Part the first: I do this for me. Not you. Not you over there either. I create, be it music or visual art in my case, strictly for myself, for my own satisfaction. The process of creating and finishing work is what I live for, it's what feeds my energy to keep living. Putting pencil to paper, brush to canvas, setting up microphones, tracking parts, mixing the final song, all of that thrills me. Yes, at times it can also be very frustrating when I've written a guitar part I can't play, or the finished painting is far from what I saw in my mind. But those failures are also the points where I learn, grow, and improve. Then when I conquer the guitar part or the paint, all the more sweet and satisfying it is. What does this have to do with you? Nothing. I could be the last man on Earth and I would still do this.

Part the second: I do this for you. When I finish my song or my painting, I am compelled by some mysterious force to share it with you. It would be fair to call this force ego. I want you to hear it, see it, experience the thing I made. I want you to love it or hate it. I don't want you to be indifferent. My esteem is boosted when you like it, scarred when you don't. Scarred worse when there's no reaction at all. If I want a chance at being recognized for the work, or to have a change to sell it, I have to take the risk that I will fail. That no one will like what I do. I know I will take that personally, because I poured myself into the song. But it isn't personal because it's just business. Or rather it is personal. Personal to me when I create, personal to you when I share. As soon as I play you that song or show you that drawing, it's no longer mine alone. It's ours to experience as we each will, in different ways shaped by our lives up to that point. If you don't like it, I have to just shrug and start anew. I can't argue you into liking it.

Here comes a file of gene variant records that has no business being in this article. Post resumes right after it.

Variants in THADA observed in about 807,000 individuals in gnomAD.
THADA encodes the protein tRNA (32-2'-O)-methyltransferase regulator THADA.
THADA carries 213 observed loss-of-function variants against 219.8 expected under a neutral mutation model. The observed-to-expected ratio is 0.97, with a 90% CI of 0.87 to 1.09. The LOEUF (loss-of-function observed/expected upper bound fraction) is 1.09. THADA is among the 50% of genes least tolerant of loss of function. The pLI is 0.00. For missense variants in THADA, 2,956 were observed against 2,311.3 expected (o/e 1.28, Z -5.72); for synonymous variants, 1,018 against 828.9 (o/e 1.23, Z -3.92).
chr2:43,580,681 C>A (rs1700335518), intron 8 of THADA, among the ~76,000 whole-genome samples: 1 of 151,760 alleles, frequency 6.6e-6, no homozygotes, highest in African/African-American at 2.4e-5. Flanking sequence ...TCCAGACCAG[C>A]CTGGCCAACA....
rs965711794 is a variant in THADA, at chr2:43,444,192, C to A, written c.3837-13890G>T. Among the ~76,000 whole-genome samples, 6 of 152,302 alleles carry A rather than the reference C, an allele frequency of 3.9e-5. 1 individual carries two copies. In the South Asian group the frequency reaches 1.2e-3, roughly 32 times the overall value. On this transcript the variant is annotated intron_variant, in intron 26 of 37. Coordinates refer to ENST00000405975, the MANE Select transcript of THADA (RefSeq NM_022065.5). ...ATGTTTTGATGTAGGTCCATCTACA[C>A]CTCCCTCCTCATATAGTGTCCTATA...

And that's the enigma of all this. If I can be damaged by you, why share at all? If, in the phase of creating, I'm totally wrapped up and concerned only with pleasing myself, why do I care what you think when I'm done? Maybe it's human nature or the nature of art. I'm sure it also has to so with my desire to make a living at this. If I don't share, then it's no more than a hobby. I know there are a lot of hobby artists and musicians out there who do stop at part one and love it. I love it, too, but I've made it more complex by a desire to make a living at art. And I will freely admit, it feeds my ego. My music and art is what I want to be remembered for. Most people who know me well would consider me quiet, unassuming, humble. And most of the time I am. But when the project is done, that's when I stand on top of the roof with my split personality and shout out loud "I did this! This is me! I have achieved this! Screw you if you don't get it!" while quietly inside I fear rejection and defeat. And I will do this over and over again until I die.